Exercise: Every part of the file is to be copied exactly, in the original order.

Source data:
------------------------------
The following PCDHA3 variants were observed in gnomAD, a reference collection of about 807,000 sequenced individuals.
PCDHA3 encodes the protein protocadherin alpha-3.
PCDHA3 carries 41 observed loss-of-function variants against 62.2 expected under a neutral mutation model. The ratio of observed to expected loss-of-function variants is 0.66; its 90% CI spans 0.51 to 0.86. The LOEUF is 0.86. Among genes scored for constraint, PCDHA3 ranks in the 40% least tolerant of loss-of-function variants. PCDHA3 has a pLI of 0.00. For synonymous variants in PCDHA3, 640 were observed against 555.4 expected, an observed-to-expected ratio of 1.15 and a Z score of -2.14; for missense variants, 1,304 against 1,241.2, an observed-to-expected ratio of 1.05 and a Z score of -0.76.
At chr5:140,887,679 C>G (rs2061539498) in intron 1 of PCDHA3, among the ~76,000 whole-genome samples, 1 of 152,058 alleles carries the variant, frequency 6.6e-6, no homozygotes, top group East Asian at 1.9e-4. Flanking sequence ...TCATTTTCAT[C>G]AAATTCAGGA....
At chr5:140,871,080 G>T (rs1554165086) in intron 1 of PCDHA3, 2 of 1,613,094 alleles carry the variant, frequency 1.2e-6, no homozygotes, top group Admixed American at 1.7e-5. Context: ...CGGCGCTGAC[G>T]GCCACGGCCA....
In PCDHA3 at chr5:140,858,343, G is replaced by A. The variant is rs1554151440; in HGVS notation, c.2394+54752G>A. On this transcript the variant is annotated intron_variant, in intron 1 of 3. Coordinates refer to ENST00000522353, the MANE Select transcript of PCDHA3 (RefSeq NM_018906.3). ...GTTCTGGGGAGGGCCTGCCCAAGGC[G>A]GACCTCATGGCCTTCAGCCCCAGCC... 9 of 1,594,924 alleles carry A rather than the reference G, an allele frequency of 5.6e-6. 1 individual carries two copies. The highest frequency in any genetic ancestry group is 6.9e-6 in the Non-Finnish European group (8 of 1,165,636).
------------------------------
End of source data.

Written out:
The following PCDHA3 variants were observed in gnomAD, a reference collection of about 807,000 sequenced individuals.
PCDHA3 encodes the protein protocadherin alpha-3.
PCDHA3 carries 41 observed loss-of-function variants against 62.2 expected under a neutral mutation model. The ratio of observed to expected loss-of-function variants is 0.66; its 90% CI spans 0.51 to 0.86. The LOEUF is 0.86. Among genes scored for constraint, PCDHA3 ranks in the 40% least tolerant of loss-of-function variants. PCDHA3 has a pLI of 0.00. For synonymous variants in PCDHA3, 640 were observed against 555.4 expected, an observed-to-expected ratio of 1.15 and a Z score of -2.14; for missense variants, 1,304 against 1,241.2, an observed-to-expected ratio of 1.05 and a Z score of -0.76.
At chr5:140,887,679 C>G (rs2061539498) in intron 1 of PCDHA3, among the ~76,000 whole-genome samples, 1 of 152,058 alleles carries the variant, frequency 6.6e-6, no homozygotes, top group East Asian at 1.9e-4. Flanking sequence ...TCATTTTCAT[C>G]AAATTCAGGA....
At chr5:140,871,080 G>T (rs1554165086) in intron 1 of PCDHA3, 2 of 1,613,094 alleles carry the variant, frequency 1.2e-6, no homozygotes, top group Admixed American at 1.7e-5. Context: ...CGGCGCTGAC[G>T]GCCACGGCCA....
In PCDHA3 at chr5:140,858,343, G is replaced by A. The variant is rs1554151440; in HGVS notation, c.2394+54752G>A. On this transcript the variant is annotated intron_variant, in intron 1 of 3. Coordinates refer to ENST00000522353, the MANE Select transcript of PCDHA3 (RefSeq NM_018906.3). ...GTTCTGGGGAGGGCCTGCCCAAGGC[G>A]GACCTCATGGCCTTCAGCCCCAGCC... 9 of 1,594,924 alleles carry A rather than the reference G, an allele frequency of 5.6e-6. 1 individual carries two copies. The highest frequency in any genetic ancestry group is 6.9e-6 in the Non-Finnish European group (8 of 1,165,636).